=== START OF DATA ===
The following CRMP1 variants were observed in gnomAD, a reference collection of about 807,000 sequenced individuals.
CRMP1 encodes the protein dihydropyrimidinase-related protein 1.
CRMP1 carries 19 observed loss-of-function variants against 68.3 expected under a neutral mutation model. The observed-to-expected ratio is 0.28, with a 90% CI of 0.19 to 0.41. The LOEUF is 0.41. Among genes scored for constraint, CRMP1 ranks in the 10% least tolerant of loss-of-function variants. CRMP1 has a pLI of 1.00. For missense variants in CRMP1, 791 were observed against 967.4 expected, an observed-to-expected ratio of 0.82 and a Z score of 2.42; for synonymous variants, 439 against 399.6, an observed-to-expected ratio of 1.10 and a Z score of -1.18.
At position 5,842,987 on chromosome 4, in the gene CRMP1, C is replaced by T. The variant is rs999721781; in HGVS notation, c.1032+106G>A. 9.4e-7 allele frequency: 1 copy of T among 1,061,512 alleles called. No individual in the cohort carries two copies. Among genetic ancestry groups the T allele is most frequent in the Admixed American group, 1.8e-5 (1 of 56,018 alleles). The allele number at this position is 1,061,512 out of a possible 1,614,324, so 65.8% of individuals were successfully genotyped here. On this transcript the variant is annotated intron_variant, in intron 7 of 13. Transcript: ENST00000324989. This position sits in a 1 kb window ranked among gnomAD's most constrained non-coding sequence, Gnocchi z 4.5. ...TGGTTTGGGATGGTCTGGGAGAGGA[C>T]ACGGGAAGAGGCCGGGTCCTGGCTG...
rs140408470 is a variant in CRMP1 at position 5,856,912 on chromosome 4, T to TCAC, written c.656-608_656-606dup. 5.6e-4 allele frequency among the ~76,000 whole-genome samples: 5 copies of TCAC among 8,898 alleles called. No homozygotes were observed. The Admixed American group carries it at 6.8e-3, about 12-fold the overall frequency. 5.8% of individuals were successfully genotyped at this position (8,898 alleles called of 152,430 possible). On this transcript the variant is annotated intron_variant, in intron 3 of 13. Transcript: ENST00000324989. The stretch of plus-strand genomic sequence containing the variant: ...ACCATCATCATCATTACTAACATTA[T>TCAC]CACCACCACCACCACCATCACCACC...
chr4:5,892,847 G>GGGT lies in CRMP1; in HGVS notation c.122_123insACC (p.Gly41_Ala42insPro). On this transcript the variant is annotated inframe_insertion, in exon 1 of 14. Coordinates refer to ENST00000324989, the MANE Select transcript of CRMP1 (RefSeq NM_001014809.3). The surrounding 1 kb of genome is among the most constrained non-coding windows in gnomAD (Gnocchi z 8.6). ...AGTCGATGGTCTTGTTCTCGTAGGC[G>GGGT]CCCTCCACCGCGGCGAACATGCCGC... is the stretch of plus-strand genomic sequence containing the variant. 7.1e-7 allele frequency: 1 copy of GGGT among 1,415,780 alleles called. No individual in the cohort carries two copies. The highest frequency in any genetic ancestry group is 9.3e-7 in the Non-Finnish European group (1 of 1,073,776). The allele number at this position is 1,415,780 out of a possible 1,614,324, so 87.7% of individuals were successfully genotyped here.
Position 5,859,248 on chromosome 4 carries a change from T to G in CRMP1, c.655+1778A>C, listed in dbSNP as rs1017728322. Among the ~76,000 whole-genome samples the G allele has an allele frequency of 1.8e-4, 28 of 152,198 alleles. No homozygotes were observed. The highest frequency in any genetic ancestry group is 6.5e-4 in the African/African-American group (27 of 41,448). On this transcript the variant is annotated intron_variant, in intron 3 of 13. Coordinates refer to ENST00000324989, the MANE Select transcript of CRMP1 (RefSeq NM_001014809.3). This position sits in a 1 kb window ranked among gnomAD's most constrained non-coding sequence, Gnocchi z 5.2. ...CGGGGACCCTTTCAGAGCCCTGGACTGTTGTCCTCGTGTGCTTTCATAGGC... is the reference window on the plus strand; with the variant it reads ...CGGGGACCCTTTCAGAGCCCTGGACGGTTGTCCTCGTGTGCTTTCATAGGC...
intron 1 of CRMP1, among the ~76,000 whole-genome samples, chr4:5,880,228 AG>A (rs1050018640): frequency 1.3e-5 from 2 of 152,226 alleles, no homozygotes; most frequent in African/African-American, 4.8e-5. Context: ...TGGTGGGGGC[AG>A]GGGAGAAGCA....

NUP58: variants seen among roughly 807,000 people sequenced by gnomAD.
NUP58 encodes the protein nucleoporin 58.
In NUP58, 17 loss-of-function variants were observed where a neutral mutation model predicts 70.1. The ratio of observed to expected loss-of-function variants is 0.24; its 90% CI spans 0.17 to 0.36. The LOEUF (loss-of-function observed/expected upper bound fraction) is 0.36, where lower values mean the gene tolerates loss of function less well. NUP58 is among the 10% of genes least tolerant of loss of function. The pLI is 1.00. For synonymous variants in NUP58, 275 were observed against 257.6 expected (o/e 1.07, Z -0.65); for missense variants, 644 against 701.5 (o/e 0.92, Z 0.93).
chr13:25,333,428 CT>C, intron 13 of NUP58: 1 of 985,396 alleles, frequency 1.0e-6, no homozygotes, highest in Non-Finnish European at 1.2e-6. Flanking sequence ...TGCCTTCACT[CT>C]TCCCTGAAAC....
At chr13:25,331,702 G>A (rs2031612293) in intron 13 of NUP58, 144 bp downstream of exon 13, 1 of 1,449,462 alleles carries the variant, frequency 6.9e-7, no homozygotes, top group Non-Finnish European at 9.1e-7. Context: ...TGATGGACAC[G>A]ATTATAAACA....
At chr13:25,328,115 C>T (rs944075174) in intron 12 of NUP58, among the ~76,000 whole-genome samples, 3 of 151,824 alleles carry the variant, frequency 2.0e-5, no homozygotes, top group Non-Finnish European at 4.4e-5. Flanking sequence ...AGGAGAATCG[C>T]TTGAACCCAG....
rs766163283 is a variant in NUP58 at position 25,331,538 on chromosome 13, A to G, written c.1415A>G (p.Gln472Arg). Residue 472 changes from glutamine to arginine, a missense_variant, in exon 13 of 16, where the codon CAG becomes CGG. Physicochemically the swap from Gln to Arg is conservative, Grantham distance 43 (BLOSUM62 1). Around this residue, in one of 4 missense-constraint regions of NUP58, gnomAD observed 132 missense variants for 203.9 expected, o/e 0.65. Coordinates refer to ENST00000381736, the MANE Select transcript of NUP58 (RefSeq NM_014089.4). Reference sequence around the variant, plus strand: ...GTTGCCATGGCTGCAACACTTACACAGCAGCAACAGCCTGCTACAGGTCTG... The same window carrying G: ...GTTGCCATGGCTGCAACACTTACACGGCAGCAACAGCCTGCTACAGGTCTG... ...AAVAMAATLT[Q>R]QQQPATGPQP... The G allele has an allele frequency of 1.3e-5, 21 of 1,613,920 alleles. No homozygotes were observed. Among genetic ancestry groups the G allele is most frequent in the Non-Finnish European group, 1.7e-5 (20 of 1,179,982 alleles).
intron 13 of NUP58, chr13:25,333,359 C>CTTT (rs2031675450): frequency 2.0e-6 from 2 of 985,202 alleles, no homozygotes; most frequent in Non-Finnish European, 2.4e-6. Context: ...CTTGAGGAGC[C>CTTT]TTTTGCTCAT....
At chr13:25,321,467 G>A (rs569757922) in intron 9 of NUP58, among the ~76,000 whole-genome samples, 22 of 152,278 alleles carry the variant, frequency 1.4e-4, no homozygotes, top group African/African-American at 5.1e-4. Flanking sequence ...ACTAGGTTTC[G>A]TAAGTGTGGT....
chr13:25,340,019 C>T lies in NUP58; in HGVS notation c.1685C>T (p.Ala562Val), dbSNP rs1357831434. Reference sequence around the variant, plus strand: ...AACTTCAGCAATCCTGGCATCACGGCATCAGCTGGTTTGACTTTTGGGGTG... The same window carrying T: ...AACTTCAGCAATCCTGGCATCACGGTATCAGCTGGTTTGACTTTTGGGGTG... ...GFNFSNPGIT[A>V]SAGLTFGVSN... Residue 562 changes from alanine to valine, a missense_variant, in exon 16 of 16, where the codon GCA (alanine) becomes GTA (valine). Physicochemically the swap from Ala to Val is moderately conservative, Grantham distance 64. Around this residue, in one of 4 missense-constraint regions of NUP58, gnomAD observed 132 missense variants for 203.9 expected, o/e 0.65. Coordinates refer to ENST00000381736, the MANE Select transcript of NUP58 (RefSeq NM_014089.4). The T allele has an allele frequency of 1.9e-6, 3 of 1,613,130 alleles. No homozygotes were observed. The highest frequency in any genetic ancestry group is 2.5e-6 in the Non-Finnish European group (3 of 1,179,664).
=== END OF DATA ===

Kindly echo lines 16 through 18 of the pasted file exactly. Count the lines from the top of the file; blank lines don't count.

intron 13 of NUP58, chr13:25,333,359 C>CTTT (rs2031675450): frequency 2.0e-6 from 2 of 985,202 alleles, no homozygotes; most frequent in Non-Finnish European, 2.4e-6. Context: ...CTTGAGGAGC[C>CTTT]TTTTGCTCAT....
At chr13:25,321,467 G>A (rs569757922) in intron 9 of NUP58, among the ~76,000 whole-genome samples, 22 of 152,278 alleles carry the variant, frequency 1.4e-4, no homozygotes, top group African/African-American at 5.1e-4. Flanking sequence ...ACTAGGTTTC[G>A]TAAGTGTGGT....
chr13:25,340,019 C>T lies in NUP58; in HGVS notation c.1685C>T (p.Ala562Val), dbSNP rs1357831434. Reference sequence around the variant, plus strand: ...AACTTCAGCAATCCTGGCATCACGGCATCAGCTGGTTTGACTTTTGGGGTG... The same window carrying T: ...AACTTCAGCAATCCTGGCATCACGGTATCAGCTGGTTTGACTTTTGGGGTG... ...GFNFSNPGIT[A>V]SAGLTFGVSN... Residue 562 changes from alanine to valine, a missense_variant, in exon 16 of 16, where the codon GCA (alanine) becomes GTA (valine). Physicochemically the swap from Ala to Val is moderately conservative, Grantham distance 64. Around this residue, in one of 4 missense-constraint regions of NUP58, gnomAD observed 132 missense variants for 203.9 expected, o/e 0.65. Coordinates refer to ENST00000381736, the MANE Select transcript of NUP58 (RefSeq NM_014089.4). The T allele has an allele frequency of 1.9e-6, 3 of 1,613,130 alleles. No homozygotes were observed. The highest frequency in any genetic ancestry group is 2.5e-6 in the Non-Finnish European group (3 of 1,179,664).